2802 Pico Housing Honored for LABC & Westside Urban Forum Awards
2802 Pico Housing was honored at the 44th Annual Los Angeles Architectural Awards from the Los Angeles Business Council, as well as the West Side Urban Forum Awards. These awards celebrate the best of the region’s new and innovative architectural achievements. 2802 Pico Housing provides 100% affordable housing on a underutilized site in the heart of Santa Monica's commercial corridor. It accommodates 33 units above retail and community space organized around a courtyard.


UMKC Henry W. Bloch Executive Hall For Entrepreneurship and Innovation
The AIA Kansas City and the AIA Central States Region have both honored our UMKC Henry W. Bloch Executive Hall for Entrepreneurship and Innovation with Citation Awards in 2013.
Moore Ruble Yudell and BNIM worked in collaboration to design spaces which support the school's vision and mission, and enable creativity and design-led innovation. The building was completed in Fall 2013.


Grangegorman: An Urban Quarter With An Open Future is Hot Off The Press
This 128 page book documents the process of the landmark Grangegorman Urban Quarter Master Plan in Dublin. It is published and distributed by Gandon Editions in Ireland. The publication features 18 essays by various contributors, including Irish Minister of Education and Skills, Ruairí Quinn, T.D., principal James Mary O’Connor, and partner John Ruble.



FineHomebuilding HOUSES Best Remodel Award
Krista Becker, FAIA won the 2014 FineHomebuilding HOUSES "Best Remodel of the Year" award with a complete renovation of a 1930’s bungalow. The whole-house remodel uses smart design strategies—replicable in any remodel—to modernize the floor plan and create bright, contemporary interior spaces that are inviting and easy to live in.



The UVa Darden School of Business
Moore Ruble Yudell was recently awarded the UVa Darden School of Business Strategic Space Plan project. It includes the development of an overall business school masterplan, renovating the existing buildings in a phased approach, and constructing new buildings or links. The programming phase began in June 2014.


UCLA Win-Gem Phase I
UCLA’s Engineering VI, Phase 1 continues to progress toward completion at the end of 2014. Phase 2, which just completed Design Development, will begin construction immediately after.

Grangegorman Brown School Expansion, George Warren Brown School of Social Work, Washington University in St. Louis
Construction continues on the new building for the top-ranked Brown School of Social Work. Consistent with the school's mission, the new building features a high level of environmental sustainability, enhanced universal accommodation and wellness. Full-size interior and exterior mock-ups help confirm design decisions before construction.  Completion is expected in Spring of 2015.

N’Djamena Construction Award
The United States Bureau of Overseas Buildings Operations (OBO) awarded the design/build contract for Moore Ruble Yudell’s new US Embassy in N’Djamena, Chad to BL Harbert International in February 2014. MRY and BL Harbert have worked together on previous embassy construction projects and look forward to another successful collaboration.


The Hague Ground Breaking Ceremony
The New Embassy Campus The Hague in Wassenaar broke ground on May 28, 2014, four years after Moore Ruble Yudell’s involvement began on the project. Timothy Broas, U.S. Ambassador to the Netherlands and Mayor of Wassenaar, Jan Hoekem, celebrated the construction kick-off by shoveling the first sod, followed by the enjoyment of Dutch stroopwafels and Starbucks.


ShanghaiTech University
With the dormitories expected to be occupied by the opening of classes this Fall and academic buildings to be opened in the Fall of 2015, the entire campus site is fully engaged in construction.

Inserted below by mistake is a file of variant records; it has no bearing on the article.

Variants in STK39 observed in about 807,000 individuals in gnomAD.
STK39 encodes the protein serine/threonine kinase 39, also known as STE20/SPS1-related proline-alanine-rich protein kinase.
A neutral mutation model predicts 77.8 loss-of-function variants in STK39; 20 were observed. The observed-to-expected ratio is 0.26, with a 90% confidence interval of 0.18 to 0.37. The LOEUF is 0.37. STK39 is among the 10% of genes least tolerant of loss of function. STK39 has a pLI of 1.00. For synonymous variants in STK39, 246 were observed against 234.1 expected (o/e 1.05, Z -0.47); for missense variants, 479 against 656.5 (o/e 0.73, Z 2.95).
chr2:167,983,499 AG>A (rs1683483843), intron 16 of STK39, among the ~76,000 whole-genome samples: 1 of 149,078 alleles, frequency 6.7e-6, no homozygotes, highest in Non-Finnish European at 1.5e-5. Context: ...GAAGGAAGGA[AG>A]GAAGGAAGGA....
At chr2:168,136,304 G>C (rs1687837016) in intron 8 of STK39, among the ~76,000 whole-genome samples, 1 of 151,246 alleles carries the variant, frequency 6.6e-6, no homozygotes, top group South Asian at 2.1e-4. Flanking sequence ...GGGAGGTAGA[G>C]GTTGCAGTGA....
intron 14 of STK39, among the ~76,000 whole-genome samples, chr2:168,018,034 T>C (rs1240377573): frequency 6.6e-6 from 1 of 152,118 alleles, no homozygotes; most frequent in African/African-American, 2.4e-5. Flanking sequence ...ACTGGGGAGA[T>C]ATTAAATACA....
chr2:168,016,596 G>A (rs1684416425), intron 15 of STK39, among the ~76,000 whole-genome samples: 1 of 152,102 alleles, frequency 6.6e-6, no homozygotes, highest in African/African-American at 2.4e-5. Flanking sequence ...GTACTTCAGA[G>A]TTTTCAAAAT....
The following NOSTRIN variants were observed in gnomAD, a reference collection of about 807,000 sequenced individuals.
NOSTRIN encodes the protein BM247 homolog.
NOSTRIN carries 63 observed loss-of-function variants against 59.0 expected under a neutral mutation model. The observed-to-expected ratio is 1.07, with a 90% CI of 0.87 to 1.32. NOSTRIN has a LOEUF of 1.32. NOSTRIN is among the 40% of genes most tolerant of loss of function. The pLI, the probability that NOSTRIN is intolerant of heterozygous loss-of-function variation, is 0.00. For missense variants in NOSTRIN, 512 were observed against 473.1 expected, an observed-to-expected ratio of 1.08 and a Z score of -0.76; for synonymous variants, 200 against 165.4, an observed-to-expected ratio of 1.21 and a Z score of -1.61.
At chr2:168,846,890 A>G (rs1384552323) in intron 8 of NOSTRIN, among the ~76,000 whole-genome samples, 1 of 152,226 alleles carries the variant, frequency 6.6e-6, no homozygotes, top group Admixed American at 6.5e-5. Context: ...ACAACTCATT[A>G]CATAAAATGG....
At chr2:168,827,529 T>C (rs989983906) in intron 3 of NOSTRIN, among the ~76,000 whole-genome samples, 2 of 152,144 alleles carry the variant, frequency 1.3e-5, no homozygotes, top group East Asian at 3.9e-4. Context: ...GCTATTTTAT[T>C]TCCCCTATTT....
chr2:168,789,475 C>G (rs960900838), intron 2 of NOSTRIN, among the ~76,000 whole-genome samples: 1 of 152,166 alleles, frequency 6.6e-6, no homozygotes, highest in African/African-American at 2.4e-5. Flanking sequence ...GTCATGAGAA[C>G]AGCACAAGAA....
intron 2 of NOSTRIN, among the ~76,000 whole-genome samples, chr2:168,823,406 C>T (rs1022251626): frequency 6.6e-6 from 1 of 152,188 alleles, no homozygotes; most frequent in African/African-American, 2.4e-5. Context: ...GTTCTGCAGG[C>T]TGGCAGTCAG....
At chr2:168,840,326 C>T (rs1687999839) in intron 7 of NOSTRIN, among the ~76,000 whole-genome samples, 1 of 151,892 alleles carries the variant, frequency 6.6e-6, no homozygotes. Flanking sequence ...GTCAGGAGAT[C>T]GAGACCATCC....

Olin School of Business Knight Hall and Bauer Hall Dedication, Washington University in St. Louis, May 2, 2014
There was a celebration of the newly completed five-level 177,500 GSF facility for the Olin School of Business. Classrooms, studies, multi-purpose rooms, dining, career center, and faculty offices surround the light-filled Forum Atrium.


Helsinki Building Dedication Ceremony
The “Be Visionary” building dedication ceremony was held at the renovated US Embassy in Helsinki, Finland on April 30, 2014. Among guests were Under Secretary of State for Management Patrick F. Kennedy, Ambassador to Finland Bruce J. Oreck, Director of the Bureau of Overseas Buildings Operations Lydia J. Muniz, and young Finnish entrepreneurs. The Innovation Center is the first US Department of State building to receive LEED Platinum Certification.


Santo Domingo Embassy Opening
The US Embassy staff in Santo Domingo will be inhabiting their new facility starting mid-June 2014. The campus includes the Chancery with one of the largest consulates in the world (62 windows), marine residence, and five support buildings on a 16-acre site within the sector of Arroyo Hondo.


Campus and Community: Accommodating Growth While Preserving Institutional Identity
2014 SCUP 2014 Pacific Regional Conference, Hollywood, California, March 25, 2014

Mario Violich, with clients Robin Aspinall and Frank Perri of Claremont McKenna College, discussed how development resources can be leveraged by investing in adaptive reuse and green infrastructure strategies.


Integrating New Retail Models and Co-Curricular Experience
2014 SCUP 2014 Pacific Regional Conference, Hollywood, California, March 25, 2014

Mario Violich, with client Kelsey Finn of UC Berkeley and Alyosha Verzhbinsky, student union representative, examined the balance between institutional mission, revenue generation and student priorities within today’s student unions.


Shanghai Theatre Academy—An Innovative Model for the Performing Arts Campus
2014 SCUP 2014 Pacific Regional Conference, Hollywood, California, March 25, 2014

James Mary O'Connor, with Courtney Crosson of Buro Happold and Michael Ferguson of Theatre Projects Consultants, examined the state-of-the-art Shanghai Theatre Academy project and its innovative planning strategies that integrate performing arts education with sustainability, technology, and the larger community.


Dublin's Urban Quarter Development
American Planning Association (APA) National Planning Conference, April 26–30, 2014

James Mary O'Connor, with Terry Prendergast of the Grangegorman Development Agency (GDA), gave a presentation about Grangegorman at the APA National Planning Conference in Atlanta, Georgia. More than 5,000 planners, elected officials, students, consultants and organizations from across the U.S. attended at the Georgia World Congress Center (GWCC).

Moore Ruble Yudell Website